Enough of all that, how was the book?  Well, I think I enjoyed it. It’s set just before the handover of Hong Kong from the British to the Chinese, and follows the story of ‘Bunt’ – a Hong-Kong-born British ex-pat, as his (recently inherited) family business is bought, against his wishes, by the shady Mr Hung, a representative of the Chinese state army. Bunt is a very weak man, under the thumb of his overbearing mother, who spends his days working at the factory and visiting ‘blue hotels’ with prostitutes. Just as he starts to discover love (an affair with one of his factory workers), his world collapses. It’s a bleak novel, and Bunt’s ultimate weakness and impotence are painfully laid bare.

There’s really no characters in this book to like. Bunt and his mother are smug, racist ex-pats. Mr Bunt is alarming and menacing. The are also a range of other unsavoury characters who seemingly abandon all morals in the pursuit of money and success.

As I said, I think I enjoyed, it. I certainly kept turning the pages; it’s gripping in a sort of dreadful way. But it’s also strangely unsatisfactory; there is so little humanity and colour on offer that it leaves a thin, sour taste. Interestingly it has a very even spread of reviews on amazon from 1 star up to 5, so I guess it’s a book that elicits a range of opinions.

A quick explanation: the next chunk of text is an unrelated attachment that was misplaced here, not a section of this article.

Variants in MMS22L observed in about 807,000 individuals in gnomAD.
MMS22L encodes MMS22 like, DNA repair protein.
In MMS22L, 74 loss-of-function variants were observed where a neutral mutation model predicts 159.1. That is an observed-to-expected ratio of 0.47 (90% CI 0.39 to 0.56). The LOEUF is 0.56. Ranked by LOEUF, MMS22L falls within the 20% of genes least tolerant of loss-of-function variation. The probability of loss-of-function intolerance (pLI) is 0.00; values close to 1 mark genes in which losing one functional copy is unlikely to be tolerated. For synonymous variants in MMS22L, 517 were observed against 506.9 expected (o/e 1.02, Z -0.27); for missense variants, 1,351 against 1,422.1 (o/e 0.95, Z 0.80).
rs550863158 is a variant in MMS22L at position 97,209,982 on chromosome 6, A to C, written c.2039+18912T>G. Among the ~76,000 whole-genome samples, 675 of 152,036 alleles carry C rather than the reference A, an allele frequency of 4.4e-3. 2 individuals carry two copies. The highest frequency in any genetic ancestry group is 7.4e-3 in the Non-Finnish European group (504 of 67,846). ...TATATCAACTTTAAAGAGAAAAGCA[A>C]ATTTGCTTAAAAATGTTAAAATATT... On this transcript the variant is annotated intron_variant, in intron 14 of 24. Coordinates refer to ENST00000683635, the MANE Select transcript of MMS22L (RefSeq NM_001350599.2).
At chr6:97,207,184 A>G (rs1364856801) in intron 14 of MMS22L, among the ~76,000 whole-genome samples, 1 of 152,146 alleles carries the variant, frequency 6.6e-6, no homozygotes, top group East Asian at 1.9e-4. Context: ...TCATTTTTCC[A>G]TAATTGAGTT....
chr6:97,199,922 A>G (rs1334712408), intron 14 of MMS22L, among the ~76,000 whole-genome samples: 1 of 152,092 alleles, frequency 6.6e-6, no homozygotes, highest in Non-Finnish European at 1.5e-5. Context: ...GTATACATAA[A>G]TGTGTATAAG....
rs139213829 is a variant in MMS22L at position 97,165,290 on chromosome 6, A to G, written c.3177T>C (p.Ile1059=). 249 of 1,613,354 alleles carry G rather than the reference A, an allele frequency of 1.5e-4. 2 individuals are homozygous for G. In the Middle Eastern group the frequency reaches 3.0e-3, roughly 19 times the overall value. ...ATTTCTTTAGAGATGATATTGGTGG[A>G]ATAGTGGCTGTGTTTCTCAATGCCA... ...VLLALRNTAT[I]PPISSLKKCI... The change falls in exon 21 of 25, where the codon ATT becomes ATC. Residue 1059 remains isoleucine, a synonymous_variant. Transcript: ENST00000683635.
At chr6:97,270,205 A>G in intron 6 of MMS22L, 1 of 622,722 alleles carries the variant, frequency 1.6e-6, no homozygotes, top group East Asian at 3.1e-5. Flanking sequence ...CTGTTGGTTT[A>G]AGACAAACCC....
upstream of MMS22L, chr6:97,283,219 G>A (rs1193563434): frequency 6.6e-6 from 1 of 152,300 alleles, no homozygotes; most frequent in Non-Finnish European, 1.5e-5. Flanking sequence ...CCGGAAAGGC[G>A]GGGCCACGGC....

Still, as a test run for my new glasses, it worked very well. Now I will see if this prompts me to do more evening reading…

 

The Secret River – Kate Grenville

October 13, 2015 at 21:06 | Posted in books | Leave a comment
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The Secret River starts in 1780s Lsecret riverondon. William Thornhill, a small boy, born in the squalid slums of London, get a chance to create a life for himself as a waterman, ferrying people across the Thames. Then, when things go wrong for him, he, his wife and their son are sentenced to be transported to Australia.

Arriving in Sydney in the early days of the colony, Thornhill sets out to rebuild his life, eventually claiming land and settling on the banks of the Hawesbury river.

Of course, the settlers come into contact with, and conflict with, the Aboriginal people of the area. There is horrific violence and brutality, but also attempts at reconciliation and peace. The moral choices are often ambiguous, and the novel paints a vivid portrait of early colonialism.

It’s a gripping read, often uncomfortable, and certainly gives an insightful perspective into the struggles between the white settlers and the Aborigines – and ultimately how the ‘blacks’ were brutally subjugated.

I’ve read a fair bit of Australian history since moving here some years ago, but this novel really puts that history into human terms. There is a risk in reading it as history though, in that Thornhill is very unusual in terms of his liberal, tolerant outlook. This paints a rather romanticised picture of white settlement (although Grenville does not shy away from the uglier side of colonial attitudes in other characters). But that said, I still recommend this book to all seeking both a great novel, and also an insight into how Australia was colonised by Europeans.